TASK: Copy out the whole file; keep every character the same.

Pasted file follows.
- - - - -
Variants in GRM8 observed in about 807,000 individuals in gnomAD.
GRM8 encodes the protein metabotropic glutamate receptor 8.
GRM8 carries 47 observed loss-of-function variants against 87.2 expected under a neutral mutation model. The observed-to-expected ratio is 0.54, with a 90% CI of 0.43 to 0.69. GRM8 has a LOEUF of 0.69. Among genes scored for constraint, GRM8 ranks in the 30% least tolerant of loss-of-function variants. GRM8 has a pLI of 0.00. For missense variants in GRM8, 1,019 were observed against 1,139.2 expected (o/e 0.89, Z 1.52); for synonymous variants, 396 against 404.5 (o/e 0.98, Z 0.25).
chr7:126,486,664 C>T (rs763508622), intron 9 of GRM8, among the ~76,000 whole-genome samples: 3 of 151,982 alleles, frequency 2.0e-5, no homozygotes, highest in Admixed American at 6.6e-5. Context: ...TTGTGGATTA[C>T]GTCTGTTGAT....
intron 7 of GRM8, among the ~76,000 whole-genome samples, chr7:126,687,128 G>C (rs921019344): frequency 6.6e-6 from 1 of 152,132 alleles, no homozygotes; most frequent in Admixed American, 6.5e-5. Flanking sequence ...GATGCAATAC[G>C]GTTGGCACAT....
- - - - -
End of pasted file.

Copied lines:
Variants in GRM8 observed in about 807,000 individuals in gnomAD.
GRM8 encodes the protein metabotropic glutamate receptor 8.
GRM8 carries 47 observed loss-of-function variants against 87.2 expected under a neutral mutation model. The observed-to-expected ratio is 0.54, with a 90% CI of 0.43 to 0.69. GRM8 has a LOEUF of 0.69. Among genes scored for constraint, GRM8 ranks in the 30% least tolerant of loss-of-function variants. GRM8 has a pLI of 0.00. For missense variants in GRM8, 1,019 were observed against 1,139.2 expected (o/e 0.89, Z 1.52); for synonymous variants, 396 against 404.5 (o/e 0.98, Z 0.25).
chr7:126,486,664 C>T (rs763508622), intron 9 of GRM8, among the ~76,000 whole-genome samples: 3 of 151,982 alleles, frequency 2.0e-5, no homozygotes, highest in Admixed American at 6.6e-5. Context: ...TTGTGGATTA[C>T]GTCTGTTGAT....
intron 7 of GRM8, among the ~76,000 whole-genome samples, chr7:126,687,128 G>C (rs921019344): frequency 6.6e-6 from 1 of 152,132 alleles, no homozygotes; most frequent in Admixed American, 6.5e-5. Flanking sequence ...GATGCAATAC[G>C]GTTGGCACAT....